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National Park Service Lists Fried-Durkheimer in Portland, Multnomah County, in the National Register of Historic Places

Nov. 20, 2019

PORTLAND, Ore. – The Fried-Durkheimer in Portland is among Oregon’s latest entries in the National Register of Historic Places. Oregon’s State Advisory Committee on Historic Preservation (SACHP) recommended the house’s nomination at their June 2019 meeting. The National Park Service – which maintains the National Register of Historic Places – accepted the nomination on November 8, 2019.
 
Constructed in 1880 for Morris and Annie Marks, the Fried-Durkheimer House is an exemplar of an Italianate Town House and one of few examples of an Italianate Town House remaining in Portland. The house features original exterior details that define the style such as the large ornamented windows, overhanging eaves with decorative brackets, curved hall stair, and marble fireplace surround.
 
In 2017, the Fried-Durkheimer House was moved approximately 5 blocks east and 12 blocks south of its original location. The move was an effort to save the house from developmental pressures, which were threatening demolition.
 
Popular in Portland between the 1860s and 1890s, the Italianate style emerged as a response to the relatively plain, bold, straight lines of the Greek Revival and Gothic Revival styles. Italianate emphasized height, ornate arches, balconies with balustrades all the while maintaining balance, unity, and a strong emphasis on the horizontal line.
 
The Italianate residential styles popularity as urban/town residences was perhaps their downfall, given Portland’s downtown cores rapid growth from the late 1800s to the twentieth century. As the city center became a metropolitan hub, single-family residential construction was demolished for large scale commercial and multi-family buildings.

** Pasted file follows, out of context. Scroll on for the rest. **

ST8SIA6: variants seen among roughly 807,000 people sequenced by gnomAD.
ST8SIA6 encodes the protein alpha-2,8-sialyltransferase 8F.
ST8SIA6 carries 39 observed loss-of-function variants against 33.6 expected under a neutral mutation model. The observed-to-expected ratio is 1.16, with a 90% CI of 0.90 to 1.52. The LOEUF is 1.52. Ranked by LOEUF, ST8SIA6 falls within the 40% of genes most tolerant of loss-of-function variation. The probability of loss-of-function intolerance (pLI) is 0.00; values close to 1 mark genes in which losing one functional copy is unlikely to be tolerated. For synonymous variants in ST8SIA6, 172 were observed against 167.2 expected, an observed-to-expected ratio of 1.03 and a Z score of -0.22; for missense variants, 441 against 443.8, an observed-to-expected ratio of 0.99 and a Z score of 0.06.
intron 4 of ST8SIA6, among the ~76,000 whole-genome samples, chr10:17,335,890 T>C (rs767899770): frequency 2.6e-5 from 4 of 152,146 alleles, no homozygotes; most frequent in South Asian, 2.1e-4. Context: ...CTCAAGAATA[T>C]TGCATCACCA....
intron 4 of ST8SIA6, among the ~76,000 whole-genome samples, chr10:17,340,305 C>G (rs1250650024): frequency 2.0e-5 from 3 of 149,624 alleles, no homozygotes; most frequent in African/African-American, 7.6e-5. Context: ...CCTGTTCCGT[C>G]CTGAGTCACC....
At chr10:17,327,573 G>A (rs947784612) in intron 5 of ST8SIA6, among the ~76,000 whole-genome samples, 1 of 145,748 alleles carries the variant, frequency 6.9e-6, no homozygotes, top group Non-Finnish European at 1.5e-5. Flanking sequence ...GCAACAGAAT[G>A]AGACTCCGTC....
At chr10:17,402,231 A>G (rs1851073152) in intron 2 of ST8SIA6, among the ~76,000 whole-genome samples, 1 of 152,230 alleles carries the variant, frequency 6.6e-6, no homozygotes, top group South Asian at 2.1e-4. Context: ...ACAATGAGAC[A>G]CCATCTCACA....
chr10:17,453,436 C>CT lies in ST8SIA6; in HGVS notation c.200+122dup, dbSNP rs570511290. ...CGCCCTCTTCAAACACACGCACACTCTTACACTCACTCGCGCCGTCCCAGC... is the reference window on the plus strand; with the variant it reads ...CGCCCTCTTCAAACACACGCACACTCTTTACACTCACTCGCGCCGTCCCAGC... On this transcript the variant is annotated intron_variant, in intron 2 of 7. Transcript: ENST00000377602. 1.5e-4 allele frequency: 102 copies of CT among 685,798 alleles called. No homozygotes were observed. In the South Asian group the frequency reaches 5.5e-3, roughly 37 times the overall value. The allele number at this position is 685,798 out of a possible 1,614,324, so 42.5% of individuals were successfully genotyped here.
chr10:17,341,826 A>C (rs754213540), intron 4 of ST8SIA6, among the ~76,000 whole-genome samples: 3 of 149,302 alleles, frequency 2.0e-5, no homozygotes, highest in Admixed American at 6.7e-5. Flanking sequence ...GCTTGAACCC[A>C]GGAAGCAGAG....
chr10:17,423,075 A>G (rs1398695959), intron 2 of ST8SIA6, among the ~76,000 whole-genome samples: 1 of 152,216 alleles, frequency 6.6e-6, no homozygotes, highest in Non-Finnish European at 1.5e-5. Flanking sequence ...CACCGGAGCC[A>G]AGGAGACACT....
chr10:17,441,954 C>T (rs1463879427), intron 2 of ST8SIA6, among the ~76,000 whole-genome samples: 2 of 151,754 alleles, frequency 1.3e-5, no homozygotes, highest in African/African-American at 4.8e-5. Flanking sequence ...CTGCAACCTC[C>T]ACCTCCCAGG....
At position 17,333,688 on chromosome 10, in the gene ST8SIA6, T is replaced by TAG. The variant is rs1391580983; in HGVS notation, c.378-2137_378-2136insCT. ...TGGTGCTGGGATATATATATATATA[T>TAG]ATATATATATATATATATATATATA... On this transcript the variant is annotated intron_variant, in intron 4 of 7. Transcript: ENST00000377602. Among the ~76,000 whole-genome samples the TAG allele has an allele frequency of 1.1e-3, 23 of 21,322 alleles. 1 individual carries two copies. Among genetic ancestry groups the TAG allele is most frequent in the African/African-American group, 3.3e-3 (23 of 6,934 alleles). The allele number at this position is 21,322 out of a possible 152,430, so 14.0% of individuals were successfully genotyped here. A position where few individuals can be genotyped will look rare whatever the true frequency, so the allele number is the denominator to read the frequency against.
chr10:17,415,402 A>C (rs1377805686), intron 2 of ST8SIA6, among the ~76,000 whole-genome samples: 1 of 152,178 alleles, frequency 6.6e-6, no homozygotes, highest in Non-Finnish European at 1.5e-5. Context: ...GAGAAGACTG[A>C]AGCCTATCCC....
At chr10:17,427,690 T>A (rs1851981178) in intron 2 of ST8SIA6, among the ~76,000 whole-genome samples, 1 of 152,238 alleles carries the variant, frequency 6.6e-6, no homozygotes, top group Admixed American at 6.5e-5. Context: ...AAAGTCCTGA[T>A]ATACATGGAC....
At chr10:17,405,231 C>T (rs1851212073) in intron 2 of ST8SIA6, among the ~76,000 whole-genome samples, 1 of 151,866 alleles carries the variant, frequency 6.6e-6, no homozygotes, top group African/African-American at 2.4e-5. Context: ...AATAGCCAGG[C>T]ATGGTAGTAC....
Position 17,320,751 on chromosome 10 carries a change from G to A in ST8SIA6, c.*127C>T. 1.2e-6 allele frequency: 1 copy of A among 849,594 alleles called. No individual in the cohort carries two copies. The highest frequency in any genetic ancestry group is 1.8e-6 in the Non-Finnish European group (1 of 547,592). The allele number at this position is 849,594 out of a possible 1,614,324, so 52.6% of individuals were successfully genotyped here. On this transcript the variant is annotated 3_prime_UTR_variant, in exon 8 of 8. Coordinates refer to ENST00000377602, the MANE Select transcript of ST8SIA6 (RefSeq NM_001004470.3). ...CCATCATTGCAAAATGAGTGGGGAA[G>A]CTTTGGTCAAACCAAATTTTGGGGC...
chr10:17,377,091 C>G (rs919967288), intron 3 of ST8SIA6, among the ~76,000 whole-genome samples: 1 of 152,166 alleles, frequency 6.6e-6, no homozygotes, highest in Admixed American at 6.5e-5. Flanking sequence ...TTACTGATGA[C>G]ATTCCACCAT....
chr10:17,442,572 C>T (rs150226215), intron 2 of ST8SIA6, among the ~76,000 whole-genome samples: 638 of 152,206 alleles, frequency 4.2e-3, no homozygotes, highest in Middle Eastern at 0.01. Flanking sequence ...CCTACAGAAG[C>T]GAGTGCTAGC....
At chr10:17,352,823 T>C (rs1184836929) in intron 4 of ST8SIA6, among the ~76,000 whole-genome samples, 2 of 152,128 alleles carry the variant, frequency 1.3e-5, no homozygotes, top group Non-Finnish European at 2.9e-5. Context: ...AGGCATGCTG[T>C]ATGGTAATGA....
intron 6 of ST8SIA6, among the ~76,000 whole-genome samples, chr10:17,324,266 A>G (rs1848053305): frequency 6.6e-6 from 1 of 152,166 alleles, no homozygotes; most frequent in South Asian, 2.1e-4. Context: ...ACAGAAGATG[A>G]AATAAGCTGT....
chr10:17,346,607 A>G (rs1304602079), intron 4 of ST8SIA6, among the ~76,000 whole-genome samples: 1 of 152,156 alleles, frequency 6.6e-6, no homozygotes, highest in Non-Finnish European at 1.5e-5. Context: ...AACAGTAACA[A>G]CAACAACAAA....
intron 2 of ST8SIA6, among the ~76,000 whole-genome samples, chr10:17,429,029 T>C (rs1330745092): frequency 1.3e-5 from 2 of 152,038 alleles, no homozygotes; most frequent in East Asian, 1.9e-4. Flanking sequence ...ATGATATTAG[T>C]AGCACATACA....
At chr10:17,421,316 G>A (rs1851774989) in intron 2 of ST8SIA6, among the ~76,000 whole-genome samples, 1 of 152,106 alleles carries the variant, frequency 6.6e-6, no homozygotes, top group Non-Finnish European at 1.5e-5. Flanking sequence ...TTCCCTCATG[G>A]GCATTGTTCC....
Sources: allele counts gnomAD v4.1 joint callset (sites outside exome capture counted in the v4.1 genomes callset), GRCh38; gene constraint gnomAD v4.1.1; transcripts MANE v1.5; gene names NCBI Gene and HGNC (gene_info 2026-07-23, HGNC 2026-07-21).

The Fried-Durkheimer is now one of 603 individually listed properties in the City of Portland that are listed in the National Register. The National Register is maintained by the National Park Service under the authority of the National Historic Preservation Act of 1966.
 
More information about the National Register and recent Oregon lists is online at oregonheritage.org (click on “National Register” at left of page).
 
Properties listed in the National Register are:

  • Recognized as significant to the nation, state, or community
  • Considered in the planning of federal or federally assisted projects
  • Eligible for federal and state tax benefits
  • Qualify for historic preservation grants when funds are available
  • Eligible for leniency in meeting certain building code requirements
  • Subject to local laws pertaining to the conservation and protection of historic resources

National Register listing does not place any restrictions on a property at the state or federal level, unless property owners choose to participate in tax benefit or grant programs.